Mayce Alyousif
Mayce Alyousif


About Mayce Alyousif

Mayce is a pharmacist who moved into the NHS in 2009. Mayce joined the trusts IT department where she worked with system engineers to develop and maintain the e-prescribing system. After gaining a vast experience Mayce then moved to her current role as the lead e-prescribing pharmacist. Her responsibilities involve providing pharmaceutical expertise in the development, maintenance, implementation, risk management and quality assurance of the system.

Mayce’s passion of integrating technology with care, thriving towards improving patient safety and streamlining workflows has created a very positive culture of change within the trust.




Problem: Kingston Hospital NHS Foundation Trust has over 20 outpatient clinic specialities with approximately 400,000 outpatient appointments in a year. Currently outpatient prescriptions and clinical documentation are still on paper which poses a significant risk as that means patients have an electronic and a paper record which can lead to the oversight and misplacement of clinical information.

Solution: Aiming to implement the electronic prescribing and clinical documentation across all outpatient clinics, via utilisation of the current trust e-prescribing system to be used in outpatient clinics.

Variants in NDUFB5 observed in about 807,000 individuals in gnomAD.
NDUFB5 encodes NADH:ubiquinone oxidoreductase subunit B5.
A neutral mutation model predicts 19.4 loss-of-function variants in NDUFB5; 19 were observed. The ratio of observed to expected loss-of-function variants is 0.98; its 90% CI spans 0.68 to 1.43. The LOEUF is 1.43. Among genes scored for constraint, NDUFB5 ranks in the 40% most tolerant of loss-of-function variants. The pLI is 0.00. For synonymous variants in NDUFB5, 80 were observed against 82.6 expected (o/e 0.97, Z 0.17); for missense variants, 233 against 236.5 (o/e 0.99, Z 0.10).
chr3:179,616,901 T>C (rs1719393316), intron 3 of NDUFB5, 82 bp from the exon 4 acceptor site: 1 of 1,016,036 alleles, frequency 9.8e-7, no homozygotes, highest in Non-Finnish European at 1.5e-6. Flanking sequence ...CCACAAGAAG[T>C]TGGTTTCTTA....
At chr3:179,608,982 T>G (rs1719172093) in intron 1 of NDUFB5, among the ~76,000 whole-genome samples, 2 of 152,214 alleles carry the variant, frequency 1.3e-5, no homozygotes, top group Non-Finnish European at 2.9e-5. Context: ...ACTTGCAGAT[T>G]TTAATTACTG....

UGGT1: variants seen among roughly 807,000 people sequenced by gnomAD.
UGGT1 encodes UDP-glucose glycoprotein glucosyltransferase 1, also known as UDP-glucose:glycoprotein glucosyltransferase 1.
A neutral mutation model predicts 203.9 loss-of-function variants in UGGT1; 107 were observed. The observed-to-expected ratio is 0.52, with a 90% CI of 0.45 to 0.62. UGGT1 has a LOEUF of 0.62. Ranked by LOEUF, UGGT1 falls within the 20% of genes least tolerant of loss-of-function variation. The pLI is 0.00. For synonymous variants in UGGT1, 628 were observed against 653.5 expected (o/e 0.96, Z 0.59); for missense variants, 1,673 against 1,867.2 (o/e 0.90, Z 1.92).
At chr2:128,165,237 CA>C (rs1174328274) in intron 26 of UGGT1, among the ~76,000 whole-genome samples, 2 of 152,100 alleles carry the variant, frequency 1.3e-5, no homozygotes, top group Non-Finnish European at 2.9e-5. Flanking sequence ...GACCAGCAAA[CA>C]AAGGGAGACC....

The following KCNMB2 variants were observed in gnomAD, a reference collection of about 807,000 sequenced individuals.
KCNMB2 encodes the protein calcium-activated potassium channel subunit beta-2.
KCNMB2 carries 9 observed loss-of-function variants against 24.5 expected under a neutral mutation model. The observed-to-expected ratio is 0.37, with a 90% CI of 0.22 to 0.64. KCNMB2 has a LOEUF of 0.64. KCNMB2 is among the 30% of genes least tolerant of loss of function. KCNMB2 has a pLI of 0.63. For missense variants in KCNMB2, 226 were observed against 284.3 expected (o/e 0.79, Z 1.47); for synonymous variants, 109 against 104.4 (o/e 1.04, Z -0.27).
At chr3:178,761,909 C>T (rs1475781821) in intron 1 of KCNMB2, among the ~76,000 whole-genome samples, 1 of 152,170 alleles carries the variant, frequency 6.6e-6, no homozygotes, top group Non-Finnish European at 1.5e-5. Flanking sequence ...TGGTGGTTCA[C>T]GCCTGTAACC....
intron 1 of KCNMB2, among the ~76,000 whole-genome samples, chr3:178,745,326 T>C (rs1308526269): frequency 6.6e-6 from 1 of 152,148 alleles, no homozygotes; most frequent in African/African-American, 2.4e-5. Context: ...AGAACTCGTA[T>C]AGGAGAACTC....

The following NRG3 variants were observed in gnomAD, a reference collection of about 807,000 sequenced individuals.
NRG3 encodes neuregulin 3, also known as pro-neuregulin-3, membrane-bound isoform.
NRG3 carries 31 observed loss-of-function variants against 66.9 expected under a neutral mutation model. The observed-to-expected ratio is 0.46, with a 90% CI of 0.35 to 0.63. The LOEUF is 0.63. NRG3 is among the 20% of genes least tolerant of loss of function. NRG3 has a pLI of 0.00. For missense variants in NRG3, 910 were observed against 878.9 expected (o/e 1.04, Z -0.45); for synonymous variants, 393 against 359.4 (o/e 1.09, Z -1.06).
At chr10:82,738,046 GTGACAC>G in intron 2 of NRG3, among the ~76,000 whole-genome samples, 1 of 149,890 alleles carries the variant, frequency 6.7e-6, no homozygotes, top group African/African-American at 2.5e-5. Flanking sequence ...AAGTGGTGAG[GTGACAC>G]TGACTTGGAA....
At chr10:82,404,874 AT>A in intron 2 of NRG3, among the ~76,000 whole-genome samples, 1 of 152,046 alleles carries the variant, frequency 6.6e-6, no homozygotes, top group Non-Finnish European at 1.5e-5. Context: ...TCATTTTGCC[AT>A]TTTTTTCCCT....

Desired impact: Mayce aims for her project to impact Kingston Hospital NHS Foundation Trust in the following areas below.

  • Improve patient safety; this is through reduced ambiguity related to legibility issues with hand written prescriptions. Also medications are defaulted with correct dosage units, doses and frequencies therefore significantly reducing prescribing errors.
  • Improve patient care; by supporting prescribers with best prescribing practice in terms of decision support at point of prescribing such as interaction and allergy checks. In addition protocol orders can be built to aid prescribing in accordance with hospital and national guidelines. Also, clinic letters and medications prescribed will be available for the GP to view immediately after the clinic consultation reducing current delays where patients may misplace their prescriptions, and clinic letters getting lost in the post.
  • Money saving; electronic prescribing systems make adhering to the trust formulary easier therefore prescribing is much more controlled. Furthermore, reducing number of incidents due to prescribing errors leading to reduced litigation costs.
  • Improving efficiency; Reporting on medication use, spend and trends in prescribing is much more improved as systems can pull this data within minutes.
  • Improve patient experience; Incorrect prescriptions can be corrected remotely thus significantly reducing prescription waiting times.

Progress to date: A successful pilot has been carried out for this project on one speciality which now will be extended across the rest of outpatients.